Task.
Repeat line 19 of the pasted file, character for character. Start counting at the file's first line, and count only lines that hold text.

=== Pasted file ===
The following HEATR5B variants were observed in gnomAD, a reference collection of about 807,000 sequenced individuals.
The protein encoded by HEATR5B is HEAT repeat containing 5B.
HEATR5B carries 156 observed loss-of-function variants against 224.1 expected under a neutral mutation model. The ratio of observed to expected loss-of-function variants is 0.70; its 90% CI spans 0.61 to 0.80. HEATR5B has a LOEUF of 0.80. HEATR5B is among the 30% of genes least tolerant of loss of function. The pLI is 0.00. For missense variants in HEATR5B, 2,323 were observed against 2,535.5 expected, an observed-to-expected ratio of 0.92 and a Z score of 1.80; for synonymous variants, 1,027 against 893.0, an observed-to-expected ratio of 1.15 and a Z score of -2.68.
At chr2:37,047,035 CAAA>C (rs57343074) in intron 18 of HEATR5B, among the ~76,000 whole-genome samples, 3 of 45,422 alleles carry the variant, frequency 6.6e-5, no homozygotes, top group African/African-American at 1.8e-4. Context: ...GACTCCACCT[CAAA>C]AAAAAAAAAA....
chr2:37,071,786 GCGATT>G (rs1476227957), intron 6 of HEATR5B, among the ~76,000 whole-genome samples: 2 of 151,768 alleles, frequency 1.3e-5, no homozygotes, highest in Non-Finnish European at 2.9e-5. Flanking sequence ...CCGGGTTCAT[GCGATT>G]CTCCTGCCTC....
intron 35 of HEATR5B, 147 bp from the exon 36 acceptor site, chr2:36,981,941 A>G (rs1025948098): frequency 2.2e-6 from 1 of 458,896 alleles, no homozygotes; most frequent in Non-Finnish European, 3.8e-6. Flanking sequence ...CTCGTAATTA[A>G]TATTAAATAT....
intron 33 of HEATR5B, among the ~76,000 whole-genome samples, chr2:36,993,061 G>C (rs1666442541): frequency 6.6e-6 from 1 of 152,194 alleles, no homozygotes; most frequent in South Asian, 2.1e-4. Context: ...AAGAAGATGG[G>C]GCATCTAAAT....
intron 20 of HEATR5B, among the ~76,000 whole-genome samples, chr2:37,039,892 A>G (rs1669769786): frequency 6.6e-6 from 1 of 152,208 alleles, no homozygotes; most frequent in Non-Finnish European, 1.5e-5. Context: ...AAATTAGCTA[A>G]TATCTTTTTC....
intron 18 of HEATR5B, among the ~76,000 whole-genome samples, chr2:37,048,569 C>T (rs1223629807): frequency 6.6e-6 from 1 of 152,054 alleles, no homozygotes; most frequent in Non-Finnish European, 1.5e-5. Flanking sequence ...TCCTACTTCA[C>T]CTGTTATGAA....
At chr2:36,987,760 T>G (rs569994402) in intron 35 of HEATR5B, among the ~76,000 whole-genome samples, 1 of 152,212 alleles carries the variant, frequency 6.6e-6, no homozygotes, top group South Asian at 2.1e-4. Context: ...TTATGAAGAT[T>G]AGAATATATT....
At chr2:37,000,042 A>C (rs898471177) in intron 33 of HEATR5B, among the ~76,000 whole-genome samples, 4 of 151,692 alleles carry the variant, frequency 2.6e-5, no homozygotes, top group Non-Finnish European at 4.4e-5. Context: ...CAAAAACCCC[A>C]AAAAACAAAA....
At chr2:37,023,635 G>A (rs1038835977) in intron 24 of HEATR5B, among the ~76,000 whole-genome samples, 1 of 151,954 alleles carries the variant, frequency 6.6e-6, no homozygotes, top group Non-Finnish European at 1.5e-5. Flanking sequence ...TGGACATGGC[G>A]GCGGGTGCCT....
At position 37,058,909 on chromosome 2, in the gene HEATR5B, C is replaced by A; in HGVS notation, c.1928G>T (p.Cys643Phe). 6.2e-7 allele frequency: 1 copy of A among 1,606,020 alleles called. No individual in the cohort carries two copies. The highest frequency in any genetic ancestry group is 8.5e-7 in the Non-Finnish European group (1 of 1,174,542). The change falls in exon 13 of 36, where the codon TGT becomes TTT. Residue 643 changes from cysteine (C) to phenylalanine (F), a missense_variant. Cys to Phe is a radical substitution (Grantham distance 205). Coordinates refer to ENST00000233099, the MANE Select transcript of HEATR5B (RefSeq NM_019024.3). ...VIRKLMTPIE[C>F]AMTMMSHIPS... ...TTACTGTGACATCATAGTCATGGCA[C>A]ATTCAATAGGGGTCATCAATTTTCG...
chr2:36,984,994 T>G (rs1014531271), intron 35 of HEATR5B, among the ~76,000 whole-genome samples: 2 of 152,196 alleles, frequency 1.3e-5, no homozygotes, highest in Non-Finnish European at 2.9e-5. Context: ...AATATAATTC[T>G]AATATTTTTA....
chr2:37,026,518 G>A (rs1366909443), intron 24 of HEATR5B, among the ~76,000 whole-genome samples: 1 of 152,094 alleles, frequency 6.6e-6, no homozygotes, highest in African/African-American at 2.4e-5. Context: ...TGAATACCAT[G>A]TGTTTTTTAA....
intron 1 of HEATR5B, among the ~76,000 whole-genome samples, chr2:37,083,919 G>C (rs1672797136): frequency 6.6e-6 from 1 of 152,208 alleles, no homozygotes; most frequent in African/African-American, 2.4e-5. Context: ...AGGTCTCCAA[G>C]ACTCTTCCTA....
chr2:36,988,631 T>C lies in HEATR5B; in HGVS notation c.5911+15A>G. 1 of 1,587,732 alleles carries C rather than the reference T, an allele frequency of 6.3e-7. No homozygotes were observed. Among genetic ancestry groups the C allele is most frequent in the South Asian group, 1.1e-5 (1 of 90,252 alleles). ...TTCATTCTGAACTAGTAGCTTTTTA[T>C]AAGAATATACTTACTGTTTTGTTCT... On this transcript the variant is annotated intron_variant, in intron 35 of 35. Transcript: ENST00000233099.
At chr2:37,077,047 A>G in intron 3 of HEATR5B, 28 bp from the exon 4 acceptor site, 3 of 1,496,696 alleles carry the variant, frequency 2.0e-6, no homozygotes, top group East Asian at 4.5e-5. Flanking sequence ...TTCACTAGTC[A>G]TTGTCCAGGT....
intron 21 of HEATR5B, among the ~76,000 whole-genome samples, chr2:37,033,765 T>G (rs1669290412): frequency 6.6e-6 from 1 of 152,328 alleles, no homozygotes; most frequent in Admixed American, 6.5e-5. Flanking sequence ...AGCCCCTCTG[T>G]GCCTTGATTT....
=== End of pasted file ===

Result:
intron 21 of HEATR5B, among the ~76,000 whole-genome samples, chr2:37,033,765 T>G (rs1669290412): frequency 6.6e-6 from 1 of 152,328 alleles, no homozygotes; most frequent in Admixed American, 6.5e-5. Flanking sequence ...AGCCCCTCTG[T>G]GCCTTGATTT....